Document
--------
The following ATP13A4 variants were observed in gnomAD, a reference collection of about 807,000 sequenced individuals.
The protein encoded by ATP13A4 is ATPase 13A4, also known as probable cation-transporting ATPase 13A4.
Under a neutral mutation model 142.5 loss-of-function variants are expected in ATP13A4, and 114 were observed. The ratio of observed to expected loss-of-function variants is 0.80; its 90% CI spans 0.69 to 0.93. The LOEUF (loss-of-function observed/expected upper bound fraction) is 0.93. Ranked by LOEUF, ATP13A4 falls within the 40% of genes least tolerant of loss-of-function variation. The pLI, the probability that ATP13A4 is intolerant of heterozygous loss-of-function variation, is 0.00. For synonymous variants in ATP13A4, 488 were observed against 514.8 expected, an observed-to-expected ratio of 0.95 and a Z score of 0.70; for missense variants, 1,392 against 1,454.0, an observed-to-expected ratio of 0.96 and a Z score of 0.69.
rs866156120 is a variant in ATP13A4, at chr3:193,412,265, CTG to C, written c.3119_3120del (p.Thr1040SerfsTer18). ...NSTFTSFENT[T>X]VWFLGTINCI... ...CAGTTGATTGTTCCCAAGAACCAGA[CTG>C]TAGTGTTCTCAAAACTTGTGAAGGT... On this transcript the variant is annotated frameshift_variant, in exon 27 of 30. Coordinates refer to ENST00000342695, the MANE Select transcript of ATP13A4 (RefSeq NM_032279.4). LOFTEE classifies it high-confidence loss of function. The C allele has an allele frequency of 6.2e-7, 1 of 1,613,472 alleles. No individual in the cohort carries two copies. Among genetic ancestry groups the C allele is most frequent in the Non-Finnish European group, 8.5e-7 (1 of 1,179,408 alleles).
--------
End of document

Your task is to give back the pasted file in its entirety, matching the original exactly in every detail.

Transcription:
The following ATP13A4 variants were observed in gnomAD, a reference collection of about 807,000 sequenced individuals.
The protein encoded by ATP13A4 is ATPase 13A4, also known as probable cation-transporting ATPase 13A4.
Under a neutral mutation model 142.5 loss-of-function variants are expected in ATP13A4, and 114 were observed. The ratio of observed to expected loss-of-function variants is 0.80; its 90% CI spans 0.69 to 0.93. The LOEUF (loss-of-function observed/expected upper bound fraction) is 0.93. Ranked by LOEUF, ATP13A4 falls within the 40% of genes least tolerant of loss-of-function variation. The pLI, the probability that ATP13A4 is intolerant of heterozygous loss-of-function variation, is 0.00. For synonymous variants in ATP13A4, 488 were observed against 514.8 expected, an observed-to-expected ratio of 0.95 and a Z score of 0.70; for missense variants, 1,392 against 1,454.0, an observed-to-expected ratio of 0.96 and a Z score of 0.69.
rs866156120 is a variant in ATP13A4, at chr3:193,412,265, CTG to C, written c.3119_3120del (p.Thr1040SerfsTer18). ...NSTFTSFENT[T>X]VWFLGTINCI... ...CAGTTGATTGTTCCCAAGAACCAGA[CTG>C]TAGTGTTCTCAAAACTTGTGAAGGT... On this transcript the variant is annotated frameshift_variant, in exon 27 of 30. Coordinates refer to ENST00000342695, the MANE Select transcript of ATP13A4 (RefSeq NM_032279.4). LOFTEE classifies it high-confidence loss of function. The C allele has an allele frequency of 6.2e-7, 1 of 1,613,472 alleles. No individual in the cohort carries two copies. Among genetic ancestry groups the C allele is most frequent in the Non-Finnish European group, 8.5e-7 (1 of 1,179,408 alleles).